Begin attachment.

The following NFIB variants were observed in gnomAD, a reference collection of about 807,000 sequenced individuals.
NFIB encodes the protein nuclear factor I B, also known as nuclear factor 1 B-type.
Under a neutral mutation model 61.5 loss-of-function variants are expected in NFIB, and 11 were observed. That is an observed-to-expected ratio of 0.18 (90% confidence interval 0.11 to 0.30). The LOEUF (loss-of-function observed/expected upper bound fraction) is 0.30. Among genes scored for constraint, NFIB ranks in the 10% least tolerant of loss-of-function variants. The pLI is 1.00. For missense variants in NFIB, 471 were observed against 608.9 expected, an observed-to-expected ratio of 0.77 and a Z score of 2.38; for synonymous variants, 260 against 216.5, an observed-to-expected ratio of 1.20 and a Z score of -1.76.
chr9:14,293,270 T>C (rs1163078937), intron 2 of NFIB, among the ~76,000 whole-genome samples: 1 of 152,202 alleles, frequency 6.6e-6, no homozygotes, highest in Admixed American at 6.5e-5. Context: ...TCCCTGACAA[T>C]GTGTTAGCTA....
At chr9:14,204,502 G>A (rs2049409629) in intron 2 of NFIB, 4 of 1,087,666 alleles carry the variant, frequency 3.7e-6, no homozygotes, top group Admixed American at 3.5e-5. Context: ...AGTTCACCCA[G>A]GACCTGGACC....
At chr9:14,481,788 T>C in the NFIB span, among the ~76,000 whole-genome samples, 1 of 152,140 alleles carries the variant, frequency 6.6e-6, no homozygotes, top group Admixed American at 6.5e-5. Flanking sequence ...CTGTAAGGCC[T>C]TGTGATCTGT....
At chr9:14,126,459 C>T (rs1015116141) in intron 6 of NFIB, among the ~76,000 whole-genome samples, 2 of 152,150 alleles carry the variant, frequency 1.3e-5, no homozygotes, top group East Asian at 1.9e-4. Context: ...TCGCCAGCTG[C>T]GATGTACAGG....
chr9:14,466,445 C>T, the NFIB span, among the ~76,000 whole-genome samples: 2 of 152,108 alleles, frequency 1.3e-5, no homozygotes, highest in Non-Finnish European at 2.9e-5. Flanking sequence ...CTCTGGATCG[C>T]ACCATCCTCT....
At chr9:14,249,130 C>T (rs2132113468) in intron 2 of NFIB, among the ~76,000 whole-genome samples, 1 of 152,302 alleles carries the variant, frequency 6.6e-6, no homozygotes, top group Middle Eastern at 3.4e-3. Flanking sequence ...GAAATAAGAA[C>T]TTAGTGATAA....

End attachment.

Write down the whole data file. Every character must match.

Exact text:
The following NFIB variants were observed in gnomAD, a reference collection of about 807,000 sequenced individuals.
NFIB encodes the protein nuclear factor I B, also known as nuclear factor 1 B-type.
Under a neutral mutation model 61.5 loss-of-function variants are expected in NFIB, and 11 were observed. That is an observed-to-expected ratio of 0.18 (90% confidence interval 0.11 to 0.30). The LOEUF (loss-of-function observed/expected upper bound fraction) is 0.30. Among genes scored for constraint, NFIB ranks in the 10% least tolerant of loss-of-function variants. The pLI is 1.00. For missense variants in NFIB, 471 were observed against 608.9 expected, an observed-to-expected ratio of 0.77 and a Z score of 2.38; for synonymous variants, 260 against 216.5, an observed-to-expected ratio of 1.20 and a Z score of -1.76.
chr9:14,293,270 T>C (rs1163078937), intron 2 of NFIB, among the ~76,000 whole-genome samples: 1 of 152,202 alleles, frequency 6.6e-6, no homozygotes, highest in Admixed American at 6.5e-5. Context: ...TCCCTGACAA[T>C]GTGTTAGCTA....
At chr9:14,204,502 G>A (rs2049409629) in intron 2 of NFIB, 4 of 1,087,666 alleles carry the variant, frequency 3.7e-6, no homozygotes, top group Admixed American at 3.5e-5. Context: ...AGTTCACCCA[G>A]GACCTGGACC....
At chr9:14,481,788 T>C in the NFIB span, among the ~76,000 whole-genome samples, 1 of 152,140 alleles carries the variant, frequency 6.6e-6, no homozygotes, top group Admixed American at 6.5e-5. Flanking sequence ...CTGTAAGGCC[T>C]TGTGATCTGT....
At chr9:14,126,459 C>T (rs1015116141) in intron 6 of NFIB, among the ~76,000 whole-genome samples, 2 of 152,150 alleles carry the variant, frequency 1.3e-5, no homozygotes, top group East Asian at 1.9e-4. Context: ...TCGCCAGCTG[C>T]GATGTACAGG....
chr9:14,466,445 C>T, the NFIB span, among the ~76,000 whole-genome samples: 2 of 152,108 alleles, frequency 1.3e-5, no homozygotes, highest in Non-Finnish European at 2.9e-5. Flanking sequence ...CTCTGGATCG[C>T]ACCATCCTCT....
At chr9:14,249,130 C>T (rs2132113468) in intron 2 of NFIB, among the ~76,000 whole-genome samples, 1 of 152,302 alleles carries the variant, frequency 6.6e-6, no homozygotes, top group Middle Eastern at 3.4e-3. Flanking sequence ...GAAATAAGAA[C>T]TTAGTGATAA....